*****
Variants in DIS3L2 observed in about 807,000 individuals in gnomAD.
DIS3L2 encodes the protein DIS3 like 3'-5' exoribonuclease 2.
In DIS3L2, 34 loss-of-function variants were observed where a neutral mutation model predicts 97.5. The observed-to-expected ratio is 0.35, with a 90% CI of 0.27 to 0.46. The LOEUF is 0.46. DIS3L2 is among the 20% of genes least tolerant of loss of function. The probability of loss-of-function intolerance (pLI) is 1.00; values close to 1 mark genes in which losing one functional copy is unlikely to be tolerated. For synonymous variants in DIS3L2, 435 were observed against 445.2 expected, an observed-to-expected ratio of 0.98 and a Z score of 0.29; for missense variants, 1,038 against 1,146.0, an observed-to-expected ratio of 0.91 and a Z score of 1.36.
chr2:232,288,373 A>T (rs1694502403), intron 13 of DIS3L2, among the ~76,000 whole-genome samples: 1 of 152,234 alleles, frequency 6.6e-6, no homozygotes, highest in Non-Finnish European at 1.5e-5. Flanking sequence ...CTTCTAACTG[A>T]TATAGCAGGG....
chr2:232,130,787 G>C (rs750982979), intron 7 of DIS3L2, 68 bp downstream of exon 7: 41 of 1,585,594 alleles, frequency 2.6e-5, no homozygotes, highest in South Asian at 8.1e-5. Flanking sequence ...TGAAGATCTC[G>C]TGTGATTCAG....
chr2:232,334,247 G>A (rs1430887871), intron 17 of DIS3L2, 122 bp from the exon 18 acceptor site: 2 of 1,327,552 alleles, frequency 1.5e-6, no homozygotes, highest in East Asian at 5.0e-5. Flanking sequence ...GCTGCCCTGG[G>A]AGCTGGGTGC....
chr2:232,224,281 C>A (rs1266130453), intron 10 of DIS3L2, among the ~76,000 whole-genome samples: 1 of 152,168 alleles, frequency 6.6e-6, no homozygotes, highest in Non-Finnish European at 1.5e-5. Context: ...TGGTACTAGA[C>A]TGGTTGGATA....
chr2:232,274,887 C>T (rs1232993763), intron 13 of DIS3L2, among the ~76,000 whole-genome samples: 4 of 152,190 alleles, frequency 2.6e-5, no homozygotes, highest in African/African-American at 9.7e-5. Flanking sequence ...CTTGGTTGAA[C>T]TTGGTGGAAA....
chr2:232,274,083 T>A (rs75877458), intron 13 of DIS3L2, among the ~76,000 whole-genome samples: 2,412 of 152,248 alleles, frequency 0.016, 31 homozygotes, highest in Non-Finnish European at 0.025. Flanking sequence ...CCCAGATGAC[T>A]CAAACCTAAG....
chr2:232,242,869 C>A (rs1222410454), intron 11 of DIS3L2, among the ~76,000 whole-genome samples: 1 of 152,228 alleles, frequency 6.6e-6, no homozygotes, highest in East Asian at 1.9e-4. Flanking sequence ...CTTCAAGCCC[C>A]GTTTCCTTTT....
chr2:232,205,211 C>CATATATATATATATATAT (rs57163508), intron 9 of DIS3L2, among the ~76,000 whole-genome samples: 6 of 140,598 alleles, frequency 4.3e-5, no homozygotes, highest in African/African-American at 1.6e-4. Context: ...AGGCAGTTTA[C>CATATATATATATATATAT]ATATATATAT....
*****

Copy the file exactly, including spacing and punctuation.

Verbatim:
Variants in DIS3L2 observed in about 807,000 individuals in gnomAD.
DIS3L2 encodes the protein DIS3 like 3'-5' exoribonuclease 2.
In DIS3L2, 34 loss-of-function variants were observed where a neutral mutation model predicts 97.5. The observed-to-expected ratio is 0.35, with a 90% CI of 0.27 to 0.46. The LOEUF is 0.46. DIS3L2 is among the 20% of genes least tolerant of loss of function. The probability of loss-of-function intolerance (pLI) is 1.00; values close to 1 mark genes in which losing one functional copy is unlikely to be tolerated. For synonymous variants in DIS3L2, 435 were observed against 445.2 expected, an observed-to-expected ratio of 0.98 and a Z score of 0.29; for missense variants, 1,038 against 1,146.0, an observed-to-expected ratio of 0.91 and a Z score of 1.36.
chr2:232,288,373 A>T (rs1694502403), intron 13 of DIS3L2, among the ~76,000 whole-genome samples: 1 of 152,234 alleles, frequency 6.6e-6, no homozygotes, highest in Non-Finnish European at 1.5e-5. Flanking sequence ...CTTCTAACTG[A>T]TATAGCAGGG....
chr2:232,130,787 G>C (rs750982979), intron 7 of DIS3L2, 68 bp downstream of exon 7: 41 of 1,585,594 alleles, frequency 2.6e-5, no homozygotes, highest in South Asian at 8.1e-5. Flanking sequence ...TGAAGATCTC[G>C]TGTGATTCAG....
chr2:232,334,247 G>A (rs1430887871), intron 17 of DIS3L2, 122 bp from the exon 18 acceptor site: 2 of 1,327,552 alleles, frequency 1.5e-6, no homozygotes, highest in East Asian at 5.0e-5. Flanking sequence ...GCTGCCCTGG[G>A]AGCTGGGTGC....
chr2:232,224,281 C>A (rs1266130453), intron 10 of DIS3L2, among the ~76,000 whole-genome samples: 1 of 152,168 alleles, frequency 6.6e-6, no homozygotes, highest in Non-Finnish European at 1.5e-5. Context: ...TGGTACTAGA[C>A]TGGTTGGATA....
chr2:232,274,887 C>T (rs1232993763), intron 13 of DIS3L2, among the ~76,000 whole-genome samples: 4 of 152,190 alleles, frequency 2.6e-5, no homozygotes, highest in African/African-American at 9.7e-5. Flanking sequence ...CTTGGTTGAA[C>T]TTGGTGGAAA....
chr2:232,274,083 T>A (rs75877458), intron 13 of DIS3L2, among the ~76,000 whole-genome samples: 2,412 of 152,248 alleles, frequency 0.016, 31 homozygotes, highest in Non-Finnish European at 0.025. Flanking sequence ...CCCAGATGAC[T>A]CAAACCTAAG....
chr2:232,242,869 C>A (rs1222410454), intron 11 of DIS3L2, among the ~76,000 whole-genome samples: 1 of 152,228 alleles, frequency 6.6e-6, no homozygotes, highest in East Asian at 1.9e-4. Flanking sequence ...CTTCAAGCCC[C>A]GTTTCCTTTT....
chr2:232,205,211 C>CATATATATATATATATAT (rs57163508), intron 9 of DIS3L2, among the ~76,000 whole-genome samples: 6 of 140,598 alleles, frequency 4.3e-5, no homozygotes, highest in African/African-American at 1.6e-4. Context: ...AGGCAGTTTA[C>CATATATATATATATATAT]ATATATATAT....